Health insurance a needed concern

After a summer of carefree fun, it’s time for students at UW-Eau Claire to get back to work. Or, at least, to start looking for work. But with hard economic times, many young people – even those who have been out of school for a while – are finding that getting a job is hard work.

Often the last thing on the minds of the young and seemingly invincible who are searching for employment is health insurance. Yet, no matter how important everything else may seem, there is no question that health insurance should be a top priority.

What actually happens after the excitement of graduation when young adults realize they may no longer be covered by their parents’ health plans? All too often the answer is that many of them join the ranks of America’s uninsured.

Unfortunately, some also will find that their perceived invincibility isn’t enough to pay for unforeseen medical bills from an accident, illness or emergency that can quickly drain a small or non-existent bank account.

A national study just released found that more than half of all young people have gone without health insurance at some point in the past five years – including 75 percent of those who are now carrying medical debt.

In fact, young adults are among the largest and fastest-growing groups of Americans lacking health insurance today.

According to 2006 Census Bureau data, nearly 30 percent of 18 to 24 year olds have no health insurance. If you factor in the Americans age 25 to 34 who also are without health insurance, young adults represent more than 40 percent of America’s uninsured population.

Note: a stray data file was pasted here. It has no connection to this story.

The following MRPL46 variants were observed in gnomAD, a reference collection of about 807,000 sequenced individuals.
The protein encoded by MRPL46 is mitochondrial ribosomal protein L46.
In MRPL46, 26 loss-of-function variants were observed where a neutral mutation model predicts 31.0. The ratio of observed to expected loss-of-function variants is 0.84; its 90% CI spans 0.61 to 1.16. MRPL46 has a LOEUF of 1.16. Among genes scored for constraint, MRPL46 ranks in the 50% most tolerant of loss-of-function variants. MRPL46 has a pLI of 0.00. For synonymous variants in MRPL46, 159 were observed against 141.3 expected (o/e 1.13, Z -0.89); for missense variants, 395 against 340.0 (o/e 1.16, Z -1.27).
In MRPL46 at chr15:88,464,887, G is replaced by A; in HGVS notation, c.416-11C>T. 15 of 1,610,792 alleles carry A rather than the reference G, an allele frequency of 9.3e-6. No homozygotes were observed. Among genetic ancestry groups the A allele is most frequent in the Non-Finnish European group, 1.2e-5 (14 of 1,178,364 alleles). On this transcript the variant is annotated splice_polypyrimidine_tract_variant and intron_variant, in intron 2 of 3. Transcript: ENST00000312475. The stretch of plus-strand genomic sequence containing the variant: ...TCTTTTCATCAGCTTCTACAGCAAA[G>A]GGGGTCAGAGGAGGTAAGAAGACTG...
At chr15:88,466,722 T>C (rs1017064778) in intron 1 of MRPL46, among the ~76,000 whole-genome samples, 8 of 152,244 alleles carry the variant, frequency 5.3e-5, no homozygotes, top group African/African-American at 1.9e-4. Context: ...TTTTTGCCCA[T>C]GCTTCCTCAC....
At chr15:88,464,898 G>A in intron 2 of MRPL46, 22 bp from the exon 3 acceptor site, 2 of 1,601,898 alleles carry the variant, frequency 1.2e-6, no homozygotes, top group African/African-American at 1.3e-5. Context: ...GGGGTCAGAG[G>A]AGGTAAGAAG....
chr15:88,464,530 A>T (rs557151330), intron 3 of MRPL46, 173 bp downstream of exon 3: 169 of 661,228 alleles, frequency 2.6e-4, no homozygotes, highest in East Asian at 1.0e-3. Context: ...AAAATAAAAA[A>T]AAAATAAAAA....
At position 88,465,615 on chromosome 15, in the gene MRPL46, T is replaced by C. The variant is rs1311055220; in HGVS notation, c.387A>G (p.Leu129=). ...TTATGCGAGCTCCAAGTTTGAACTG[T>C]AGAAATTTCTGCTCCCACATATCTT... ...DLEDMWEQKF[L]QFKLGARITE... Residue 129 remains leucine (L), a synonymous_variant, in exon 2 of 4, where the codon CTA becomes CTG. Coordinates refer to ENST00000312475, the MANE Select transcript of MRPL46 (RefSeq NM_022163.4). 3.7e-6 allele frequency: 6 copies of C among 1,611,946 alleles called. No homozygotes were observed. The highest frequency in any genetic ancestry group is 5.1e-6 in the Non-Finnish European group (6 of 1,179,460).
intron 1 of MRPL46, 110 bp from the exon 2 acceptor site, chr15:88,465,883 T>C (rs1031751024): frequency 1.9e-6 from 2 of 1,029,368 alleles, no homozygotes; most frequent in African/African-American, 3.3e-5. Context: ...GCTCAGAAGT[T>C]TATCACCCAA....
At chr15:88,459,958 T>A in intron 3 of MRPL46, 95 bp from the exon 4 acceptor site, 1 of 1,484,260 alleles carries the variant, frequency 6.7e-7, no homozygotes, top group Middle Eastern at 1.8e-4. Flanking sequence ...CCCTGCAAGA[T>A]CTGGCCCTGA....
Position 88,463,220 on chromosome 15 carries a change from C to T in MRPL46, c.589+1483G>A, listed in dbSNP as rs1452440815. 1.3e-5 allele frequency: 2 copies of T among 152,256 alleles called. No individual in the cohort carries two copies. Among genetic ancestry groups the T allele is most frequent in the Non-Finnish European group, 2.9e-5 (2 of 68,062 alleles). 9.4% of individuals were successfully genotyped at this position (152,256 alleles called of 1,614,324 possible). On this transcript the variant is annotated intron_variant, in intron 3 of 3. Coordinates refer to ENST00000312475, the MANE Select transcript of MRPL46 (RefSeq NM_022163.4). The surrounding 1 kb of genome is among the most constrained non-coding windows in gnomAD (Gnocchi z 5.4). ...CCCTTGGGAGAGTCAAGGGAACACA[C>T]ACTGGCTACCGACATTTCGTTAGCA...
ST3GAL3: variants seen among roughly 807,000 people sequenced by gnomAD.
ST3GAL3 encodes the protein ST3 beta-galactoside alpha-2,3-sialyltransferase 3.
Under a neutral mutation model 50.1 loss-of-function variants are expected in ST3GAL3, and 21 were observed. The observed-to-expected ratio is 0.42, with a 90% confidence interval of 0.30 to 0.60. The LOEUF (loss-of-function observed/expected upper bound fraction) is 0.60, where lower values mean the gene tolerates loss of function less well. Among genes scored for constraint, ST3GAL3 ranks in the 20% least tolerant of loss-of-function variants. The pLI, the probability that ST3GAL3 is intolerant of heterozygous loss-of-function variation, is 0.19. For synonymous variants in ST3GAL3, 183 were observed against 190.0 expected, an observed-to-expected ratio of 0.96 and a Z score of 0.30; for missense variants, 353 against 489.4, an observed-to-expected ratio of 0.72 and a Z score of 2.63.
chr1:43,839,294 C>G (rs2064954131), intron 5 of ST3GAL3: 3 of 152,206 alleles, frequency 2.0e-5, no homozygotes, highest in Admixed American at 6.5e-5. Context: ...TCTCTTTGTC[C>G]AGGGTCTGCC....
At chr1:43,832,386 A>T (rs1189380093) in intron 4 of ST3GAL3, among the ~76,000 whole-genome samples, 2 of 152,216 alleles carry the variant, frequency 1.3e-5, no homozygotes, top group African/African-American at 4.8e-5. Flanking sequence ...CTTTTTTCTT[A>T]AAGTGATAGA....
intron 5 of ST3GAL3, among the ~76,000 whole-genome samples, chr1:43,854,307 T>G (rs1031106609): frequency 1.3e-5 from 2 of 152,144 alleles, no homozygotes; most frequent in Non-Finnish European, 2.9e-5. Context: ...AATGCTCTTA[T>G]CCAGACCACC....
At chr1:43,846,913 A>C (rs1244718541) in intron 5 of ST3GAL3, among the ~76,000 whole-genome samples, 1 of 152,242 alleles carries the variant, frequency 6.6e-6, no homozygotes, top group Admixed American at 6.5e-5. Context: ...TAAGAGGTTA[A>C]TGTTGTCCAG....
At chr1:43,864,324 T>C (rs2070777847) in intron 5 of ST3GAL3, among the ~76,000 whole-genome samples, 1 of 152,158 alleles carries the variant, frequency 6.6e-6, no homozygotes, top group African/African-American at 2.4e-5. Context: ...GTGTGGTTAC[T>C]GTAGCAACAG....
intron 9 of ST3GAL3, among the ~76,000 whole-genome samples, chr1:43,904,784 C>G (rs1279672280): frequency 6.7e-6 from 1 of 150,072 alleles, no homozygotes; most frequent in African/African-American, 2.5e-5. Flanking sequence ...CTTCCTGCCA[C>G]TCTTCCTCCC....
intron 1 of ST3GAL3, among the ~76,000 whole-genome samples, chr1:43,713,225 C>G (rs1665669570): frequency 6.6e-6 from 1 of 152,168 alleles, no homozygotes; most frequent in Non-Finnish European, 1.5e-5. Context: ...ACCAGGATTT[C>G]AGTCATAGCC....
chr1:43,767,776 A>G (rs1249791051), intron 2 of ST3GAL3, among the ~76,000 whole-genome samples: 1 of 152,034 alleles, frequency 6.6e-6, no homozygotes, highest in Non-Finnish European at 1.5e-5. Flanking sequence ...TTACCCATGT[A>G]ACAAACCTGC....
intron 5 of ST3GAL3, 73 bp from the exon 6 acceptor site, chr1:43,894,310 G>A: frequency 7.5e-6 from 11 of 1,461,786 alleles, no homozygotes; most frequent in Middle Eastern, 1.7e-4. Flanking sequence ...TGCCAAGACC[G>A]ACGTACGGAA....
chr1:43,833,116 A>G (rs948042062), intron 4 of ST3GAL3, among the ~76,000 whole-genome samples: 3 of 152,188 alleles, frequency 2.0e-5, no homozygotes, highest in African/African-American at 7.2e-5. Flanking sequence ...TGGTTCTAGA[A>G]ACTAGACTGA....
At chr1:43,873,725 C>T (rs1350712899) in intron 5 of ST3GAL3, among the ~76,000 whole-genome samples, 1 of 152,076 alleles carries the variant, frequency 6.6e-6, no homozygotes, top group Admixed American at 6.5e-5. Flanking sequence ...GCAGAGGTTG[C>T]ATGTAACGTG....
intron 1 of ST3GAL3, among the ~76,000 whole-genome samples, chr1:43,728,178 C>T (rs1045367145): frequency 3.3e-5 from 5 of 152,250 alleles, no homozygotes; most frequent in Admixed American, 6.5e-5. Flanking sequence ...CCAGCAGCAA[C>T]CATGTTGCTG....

Reducing the number of young uninsured Americans has become a priority in the halls of Congress, on the presidential campaign trail and in state legislatures.

Over the past few years, a number of states have extended the age that dependents can remain on their parents’ health plans as a way to address this issue. At UnitedHealthcare’s Golden Rule Insurance Company, for example, we allow dependents to stay on their parents’ plans until they reach 26 years of age in all the markets we serve.

Another solution to address the gaps in coverage for recent graduates is short term health insurance. Short term health insurance offers one to six months of coverage, and can be a lower cost alternative for new graduates as well as workers between jobs and seniors with just a few months before Medicare eligibility.

Short-term health insurance is designed to be an easily understood plan with a quick, simplified application process. There’s also the flexibility to drop the plan at any time without penalty which is important when your life is in a period of transition and change.

The reality today is that no one can afford to be without health insurance coverage and there are choices in the marketplace. Certainly, the last thing a recent Eau Claire graduate with limited income needs is to be saddled with medical debt before he or she even has a chance to get on solid financial ground.

Arnone is president and CEO of UnitedHealthcare in Wisconsin and guest columnist for The Spectator.